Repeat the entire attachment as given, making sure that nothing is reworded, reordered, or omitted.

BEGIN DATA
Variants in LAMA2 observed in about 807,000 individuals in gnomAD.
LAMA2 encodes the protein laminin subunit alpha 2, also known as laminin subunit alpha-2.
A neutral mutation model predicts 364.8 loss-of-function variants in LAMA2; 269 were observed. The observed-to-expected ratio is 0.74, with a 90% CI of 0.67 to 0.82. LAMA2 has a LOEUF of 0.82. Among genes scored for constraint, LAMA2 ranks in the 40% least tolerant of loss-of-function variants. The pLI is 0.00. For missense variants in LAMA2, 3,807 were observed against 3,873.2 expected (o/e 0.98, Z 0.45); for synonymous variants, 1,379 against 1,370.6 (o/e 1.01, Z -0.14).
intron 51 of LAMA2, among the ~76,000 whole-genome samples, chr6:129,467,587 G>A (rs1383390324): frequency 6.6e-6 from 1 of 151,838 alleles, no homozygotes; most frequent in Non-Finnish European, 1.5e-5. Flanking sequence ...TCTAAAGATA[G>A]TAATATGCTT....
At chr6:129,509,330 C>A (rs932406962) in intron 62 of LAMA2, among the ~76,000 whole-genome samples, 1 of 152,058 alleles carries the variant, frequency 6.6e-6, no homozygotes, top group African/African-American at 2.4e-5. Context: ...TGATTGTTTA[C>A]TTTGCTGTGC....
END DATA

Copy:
Variants in LAMA2 observed in about 807,000 individuals in gnomAD.
LAMA2 encodes the protein laminin subunit alpha 2, also known as laminin subunit alpha-2.
A neutral mutation model predicts 364.8 loss-of-function variants in LAMA2; 269 were observed. The observed-to-expected ratio is 0.74, with a 90% CI of 0.67 to 0.82. LAMA2 has a LOEUF of 0.82. Among genes scored for constraint, LAMA2 ranks in the 40% least tolerant of loss-of-function variants. The pLI is 0.00. For missense variants in LAMA2, 3,807 were observed against 3,873.2 expected (o/e 0.98, Z 0.45); for synonymous variants, 1,379 against 1,370.6 (o/e 1.01, Z -0.14).
intron 51 of LAMA2, among the ~76,000 whole-genome samples, chr6:129,467,587 G>A (rs1383390324): frequency 6.6e-6 from 1 of 151,838 alleles, no homozygotes; most frequent in Non-Finnish European, 1.5e-5. Flanking sequence ...TCTAAAGATA[G>A]TAATATGCTT....
At chr6:129,509,330 C>A (rs932406962) in intron 62 of LAMA2, among the ~76,000 whole-genome samples, 1 of 152,058 alleles carries the variant, frequency 6.6e-6, no homozygotes, top group African/African-American at 2.4e-5. Context: ...TGATTGTTTA[C>A]TTTGCTGTGC....